For? Against? Don’t know?

“Don’t know” is a response that doesn’t exist outside polls. Everywhere else, everyone knows everything, has an opinion about everything and is busy sending it out for all to hear. What we don’t always realize is how obvious our buttons are, the ones that every social, economic, or political issue pushes. We are robots with features incorporated by our background and circumstances and rarely are we capable of moving beyond. Think? God forbid. We just jump in and engage in disquisition about this or that issue that’s already being beaten to death. The public gabfest wouldn’t be complete if it didn’t carry my voice, would it?Tsarnaev boat
Case in point, the Zimmerman verdict. This guy, a self-appointed vigilante who thought packing heat made him someone to be reckoned with (my regular readers know how I feel about guns) shot and killed a young black man. Neither the police investigation nor the trial that just ended with Zimmerman’s acquittal could establish the exact sequence of events, only that the armed guard was not racist. The jury did its best under murky circumstances and returned a not-guilty verdict. But the chorus of voices on all sides pitching in with arguments and opinions? The only one worth hearing was the President with a moving unscripted statement about what it means to be a black man in America today. Everything else, just so much wind.

Case in point. Rolling Stone magazine’s cover of surviving Boston Marathon bomber, Dzohkhar Tsarnaev, and the related story by Janet Reitman. Howls of outrage went up; calling it a glam shot glorifying the assassin, retailers refused to carry the issue; one Boston police photographer retaliated by producing photos of Tsarnaev bloodied and dazed flushed out of his hiding place. Personally, I’m not as worried about the cover as about the question foremost in my mind: how many Tsarnaevs, Adam Lanzas, Mohammad Attas are even now stirring in their primal muck in pods like those in the old horror film “The Invasion of the Body Snatchers,” getting ready to unleash mayhem? But does the magazine cover insult the victims of the bombing? I don’t know.

Case in point, Edward Snowden. Now stuck in Russian limbo, was this man–overnight celebrity for the next fifteen minutes–right when he denounced the NSA’s vast spying system of unsuspecting citizens? Here I do have an opinion. Yes, he was. But the rest of the discussion about his life, personality, motivation—out to make a quick buck, selfless whistleblower, cheat, hero? Who knows? I certainly don’t. And I’ll defer to Daniel Ellsberg, certainly more qualified than anyone to have an opinion on the matter, when he says that Snowden was right to make a run for it.

Case in point, Syria and American intervention. Is it okay for tens of thousands of Syrians to die while Bashar Assad emails congratulations to his wife for buying her latest Louboutin heels? Should Obama go in, is he half-hearted about it, has he moved the red line again, should he actually arm insurgents? I don’t think anyone, including the President, has the answer to that. The administration is playing it by ear. Two years ago, something could possibly have been done to overthrow the tyrant son of a tyrant and replace him with a more palatable government (though America would never have heard the end of it) but now? Obama promised light armament and logistics help to the insurgents but despite David Ignatius’ op-ed echoing others accusing the president of equivocating, the situation is not clear. Whom would we be arming? Sectarian fanatics? Democratically inclined future leaders, potential allies of the US? Brutal thugs who think nothing of ripping out their enemy’s heart and eating it, as we saw in one video? What should Obama do? Once again, I don’t know.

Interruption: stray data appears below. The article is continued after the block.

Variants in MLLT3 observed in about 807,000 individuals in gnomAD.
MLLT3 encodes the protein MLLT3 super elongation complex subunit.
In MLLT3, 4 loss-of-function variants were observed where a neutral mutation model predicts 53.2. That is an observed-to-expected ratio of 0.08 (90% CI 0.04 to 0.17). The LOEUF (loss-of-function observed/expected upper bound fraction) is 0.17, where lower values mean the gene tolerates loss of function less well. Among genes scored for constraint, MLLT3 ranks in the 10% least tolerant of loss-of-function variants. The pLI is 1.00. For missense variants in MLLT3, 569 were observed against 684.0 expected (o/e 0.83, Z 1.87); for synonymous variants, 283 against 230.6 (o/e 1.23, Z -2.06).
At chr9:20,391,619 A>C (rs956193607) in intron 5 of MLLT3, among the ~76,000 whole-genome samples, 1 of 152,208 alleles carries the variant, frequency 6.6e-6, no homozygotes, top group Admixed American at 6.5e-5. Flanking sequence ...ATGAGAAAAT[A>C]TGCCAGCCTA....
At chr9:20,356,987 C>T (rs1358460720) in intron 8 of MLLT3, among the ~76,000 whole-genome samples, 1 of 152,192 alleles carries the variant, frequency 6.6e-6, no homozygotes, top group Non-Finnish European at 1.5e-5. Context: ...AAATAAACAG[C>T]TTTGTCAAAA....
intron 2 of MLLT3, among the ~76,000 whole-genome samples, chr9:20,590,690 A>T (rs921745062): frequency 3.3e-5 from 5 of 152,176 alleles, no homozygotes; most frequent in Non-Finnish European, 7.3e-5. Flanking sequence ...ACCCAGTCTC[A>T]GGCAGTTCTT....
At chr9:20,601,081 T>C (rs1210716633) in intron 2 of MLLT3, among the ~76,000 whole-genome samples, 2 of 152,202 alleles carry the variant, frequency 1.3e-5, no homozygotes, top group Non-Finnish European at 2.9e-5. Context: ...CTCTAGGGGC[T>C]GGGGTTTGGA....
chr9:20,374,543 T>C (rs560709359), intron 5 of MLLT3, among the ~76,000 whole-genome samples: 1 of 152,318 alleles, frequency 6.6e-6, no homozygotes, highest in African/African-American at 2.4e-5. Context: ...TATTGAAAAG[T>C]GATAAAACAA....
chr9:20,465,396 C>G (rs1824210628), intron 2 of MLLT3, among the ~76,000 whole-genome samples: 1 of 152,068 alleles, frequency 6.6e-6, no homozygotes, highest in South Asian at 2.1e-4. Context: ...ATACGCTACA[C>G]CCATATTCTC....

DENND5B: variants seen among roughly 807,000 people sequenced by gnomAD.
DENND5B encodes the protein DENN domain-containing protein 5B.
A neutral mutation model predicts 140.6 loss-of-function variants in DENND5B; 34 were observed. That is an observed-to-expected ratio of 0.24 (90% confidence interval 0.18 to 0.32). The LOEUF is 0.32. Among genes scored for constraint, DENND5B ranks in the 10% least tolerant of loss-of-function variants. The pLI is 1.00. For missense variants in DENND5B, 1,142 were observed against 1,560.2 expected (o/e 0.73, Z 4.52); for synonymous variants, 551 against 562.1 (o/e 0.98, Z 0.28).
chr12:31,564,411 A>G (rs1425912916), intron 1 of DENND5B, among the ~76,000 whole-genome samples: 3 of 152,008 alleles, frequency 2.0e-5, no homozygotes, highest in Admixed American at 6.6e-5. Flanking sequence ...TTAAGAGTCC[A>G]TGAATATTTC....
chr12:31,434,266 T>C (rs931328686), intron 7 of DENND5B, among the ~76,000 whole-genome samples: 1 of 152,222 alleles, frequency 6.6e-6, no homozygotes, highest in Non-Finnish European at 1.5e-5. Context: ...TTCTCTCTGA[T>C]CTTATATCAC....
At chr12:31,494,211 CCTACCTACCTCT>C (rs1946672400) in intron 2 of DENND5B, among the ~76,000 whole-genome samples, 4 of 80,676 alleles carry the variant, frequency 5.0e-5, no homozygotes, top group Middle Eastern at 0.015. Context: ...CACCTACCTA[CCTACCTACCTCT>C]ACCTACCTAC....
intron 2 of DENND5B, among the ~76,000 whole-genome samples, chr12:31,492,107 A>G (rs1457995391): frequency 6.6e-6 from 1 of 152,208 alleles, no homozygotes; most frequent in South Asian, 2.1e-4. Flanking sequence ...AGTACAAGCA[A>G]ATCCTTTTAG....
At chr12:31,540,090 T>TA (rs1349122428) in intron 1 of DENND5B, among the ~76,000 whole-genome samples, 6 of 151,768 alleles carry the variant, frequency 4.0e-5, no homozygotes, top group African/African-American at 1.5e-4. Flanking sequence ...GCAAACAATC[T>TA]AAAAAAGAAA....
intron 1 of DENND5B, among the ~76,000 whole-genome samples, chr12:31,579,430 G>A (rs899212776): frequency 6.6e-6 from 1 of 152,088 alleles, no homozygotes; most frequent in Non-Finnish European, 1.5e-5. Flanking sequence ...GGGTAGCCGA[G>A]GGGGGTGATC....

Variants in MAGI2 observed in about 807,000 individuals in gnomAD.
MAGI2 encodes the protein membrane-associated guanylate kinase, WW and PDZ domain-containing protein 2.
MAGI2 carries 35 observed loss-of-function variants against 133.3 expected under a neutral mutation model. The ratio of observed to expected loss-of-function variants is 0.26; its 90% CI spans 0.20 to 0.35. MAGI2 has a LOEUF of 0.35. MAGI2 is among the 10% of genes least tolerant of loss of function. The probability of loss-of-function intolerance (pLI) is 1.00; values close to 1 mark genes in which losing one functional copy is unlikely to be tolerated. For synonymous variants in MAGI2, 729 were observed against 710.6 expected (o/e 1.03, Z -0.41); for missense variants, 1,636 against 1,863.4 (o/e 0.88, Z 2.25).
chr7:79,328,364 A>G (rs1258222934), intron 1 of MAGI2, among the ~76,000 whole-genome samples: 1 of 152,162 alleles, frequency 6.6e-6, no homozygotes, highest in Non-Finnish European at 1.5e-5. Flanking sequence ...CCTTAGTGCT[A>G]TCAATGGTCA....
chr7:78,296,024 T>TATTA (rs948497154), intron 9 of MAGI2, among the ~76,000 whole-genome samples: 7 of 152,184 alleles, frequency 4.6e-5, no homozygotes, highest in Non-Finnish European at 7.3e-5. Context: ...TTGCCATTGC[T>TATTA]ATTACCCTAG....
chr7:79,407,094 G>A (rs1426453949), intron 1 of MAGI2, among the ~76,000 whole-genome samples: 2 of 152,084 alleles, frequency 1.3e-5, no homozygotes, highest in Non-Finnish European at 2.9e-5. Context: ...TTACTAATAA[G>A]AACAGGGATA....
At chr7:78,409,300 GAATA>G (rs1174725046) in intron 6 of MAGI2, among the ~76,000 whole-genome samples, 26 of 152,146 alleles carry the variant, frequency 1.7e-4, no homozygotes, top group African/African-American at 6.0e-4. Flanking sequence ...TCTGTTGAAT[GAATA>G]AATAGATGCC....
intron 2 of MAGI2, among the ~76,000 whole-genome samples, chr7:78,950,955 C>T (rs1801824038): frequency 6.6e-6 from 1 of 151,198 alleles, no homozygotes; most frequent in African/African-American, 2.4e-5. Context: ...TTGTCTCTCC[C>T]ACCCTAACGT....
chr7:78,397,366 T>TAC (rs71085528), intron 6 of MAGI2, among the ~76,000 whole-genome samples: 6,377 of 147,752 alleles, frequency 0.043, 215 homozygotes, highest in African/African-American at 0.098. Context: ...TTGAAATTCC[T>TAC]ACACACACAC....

About many things, I have an opinion, some too strong for my own good. But about many others, such as in the above examples, sorry, the earth will have to continue turning without knowing what I think. All of you out there express more than enough to fill the void.

  1. July 23, 2013 at 5:33 pm

    Your uncertainty about some of these issues is justified.

    But re Snowden, Ellsberg’s thinking has become muddled. Anne Applebaum got it right:

    “There is a tradition of whistleblowing in the United States, even among people who work with classified information — and there are long-established ways to do it. Snowden might have approached a member of Congress, perhaps one of those with intelligence oversight. He might have written to his organization’s lawyers, to clarify the legality of his work. He might have argued his case from within. Jack Goldsmith, a legal expert then working in the Justice Department, fought against the use of torture by the Bush administration. Eventually he resigned and wrote about it. There were setbacks, but ultimately, Goldsmith was successful: The policy was reversed.

    “Snowden chose a different path. He stole a hoard of documents and fled to Hong Kong. Thus did he place his fate in the hands of a government that exerts total control over its nation’s Internet and spares no expense in its attempts to penetrate ours. His decision to speak from there, in public, is also noteworthy: It means his interest in publicity trumps his stated fear of arrest.”


  2. July 24, 2013 at 1:43 pm

    Too many people like to oversimplify, and in doing so jump the gun. I thought Zimmerman was guilty of something. I don’t want to completely jump on the anti-Zimmerman bandwagon because proving he murdered poor Trevon beyond a shadow of a doubt is a tall order. Now peope are all the suden becoming legal experts, digging up other cases to “prove their point.” I don’t have the correct answer and not sure there is one. Sometimes, it is ok not to know!


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